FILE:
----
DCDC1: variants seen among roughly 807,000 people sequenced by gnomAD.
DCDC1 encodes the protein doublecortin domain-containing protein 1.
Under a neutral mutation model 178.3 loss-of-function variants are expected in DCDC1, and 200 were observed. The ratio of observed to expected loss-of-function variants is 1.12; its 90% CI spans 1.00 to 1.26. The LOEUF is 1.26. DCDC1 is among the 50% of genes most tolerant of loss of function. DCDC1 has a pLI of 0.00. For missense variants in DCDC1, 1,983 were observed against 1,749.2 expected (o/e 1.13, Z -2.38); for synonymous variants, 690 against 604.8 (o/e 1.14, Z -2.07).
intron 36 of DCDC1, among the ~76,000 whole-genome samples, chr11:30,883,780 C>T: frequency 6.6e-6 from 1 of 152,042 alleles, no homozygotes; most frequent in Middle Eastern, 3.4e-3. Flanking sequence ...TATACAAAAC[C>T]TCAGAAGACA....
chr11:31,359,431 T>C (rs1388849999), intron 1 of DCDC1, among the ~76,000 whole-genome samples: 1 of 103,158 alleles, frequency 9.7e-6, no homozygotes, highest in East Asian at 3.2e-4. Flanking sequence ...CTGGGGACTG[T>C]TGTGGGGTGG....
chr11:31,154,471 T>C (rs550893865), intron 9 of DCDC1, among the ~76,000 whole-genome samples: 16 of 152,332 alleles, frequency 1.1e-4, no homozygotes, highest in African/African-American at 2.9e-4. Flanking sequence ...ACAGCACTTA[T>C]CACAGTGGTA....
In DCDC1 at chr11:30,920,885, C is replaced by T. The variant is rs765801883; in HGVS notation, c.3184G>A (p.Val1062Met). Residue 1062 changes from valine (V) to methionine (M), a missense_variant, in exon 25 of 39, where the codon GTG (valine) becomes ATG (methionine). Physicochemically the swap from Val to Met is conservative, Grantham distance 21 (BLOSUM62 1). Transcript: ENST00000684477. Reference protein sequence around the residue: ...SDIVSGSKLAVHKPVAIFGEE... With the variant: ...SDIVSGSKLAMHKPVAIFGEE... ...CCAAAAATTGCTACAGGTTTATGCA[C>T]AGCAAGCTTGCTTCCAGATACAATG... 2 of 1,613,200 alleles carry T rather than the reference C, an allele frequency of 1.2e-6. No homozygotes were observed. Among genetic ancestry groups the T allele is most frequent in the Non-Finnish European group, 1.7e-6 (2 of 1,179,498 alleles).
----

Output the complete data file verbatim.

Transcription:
DCDC1: variants seen among roughly 807,000 people sequenced by gnomAD.
DCDC1 encodes the protein doublecortin domain-containing protein 1.
Under a neutral mutation model 178.3 loss-of-function variants are expected in DCDC1, and 200 were observed. The ratio of observed to expected loss-of-function variants is 1.12; its 90% CI spans 1.00 to 1.26. The LOEUF is 1.26. DCDC1 is among the 50% of genes most tolerant of loss of function. DCDC1 has a pLI of 0.00. For missense variants in DCDC1, 1,983 were observed against 1,749.2 expected (o/e 1.13, Z -2.38); for synonymous variants, 690 against 604.8 (o/e 1.14, Z -2.07).
intron 36 of DCDC1, among the ~76,000 whole-genome samples, chr11:30,883,780 C>T: frequency 6.6e-6 from 1 of 152,042 alleles, no homozygotes; most frequent in Middle Eastern, 3.4e-3. Flanking sequence ...TATACAAAAC[C>T]TCAGAAGACA....
chr11:31,359,431 T>C (rs1388849999), intron 1 of DCDC1, among the ~76,000 whole-genome samples: 1 of 103,158 alleles, frequency 9.7e-6, no homozygotes, highest in East Asian at 3.2e-4. Flanking sequence ...CTGGGGACTG[T>C]TGTGGGGTGG....
chr11:31,154,471 T>C (rs550893865), intron 9 of DCDC1, among the ~76,000 whole-genome samples: 16 of 152,332 alleles, frequency 1.1e-4, no homozygotes, highest in African/African-American at 2.9e-4. Flanking sequence ...ACAGCACTTA[T>C]CACAGTGGTA....
In DCDC1 at chr11:30,920,885, C is replaced by T. The variant is rs765801883; in HGVS notation, c.3184G>A (p.Val1062Met). Residue 1062 changes from valine (V) to methionine (M), a missense_variant, in exon 25 of 39, where the codon GTG (valine) becomes ATG (methionine). Physicochemically the swap from Val to Met is conservative, Grantham distance 21 (BLOSUM62 1). Transcript: ENST00000684477. Reference protein sequence around the residue: ...SDIVSGSKLAVHKPVAIFGEE... With the variant: ...SDIVSGSKLAMHKPVAIFGEE... ...CCAAAAATTGCTACAGGTTTATGCA[C>T]AGCAAGCTTGCTTCCAGATACAATG... 2 of 1,613,200 alleles carry T rather than the reference C, an allele frequency of 1.2e-6. No homozygotes were observed. Among genetic ancestry groups the T allele is most frequent in the Non-Finnish European group, 1.7e-6 (2 of 1,179,498 alleles).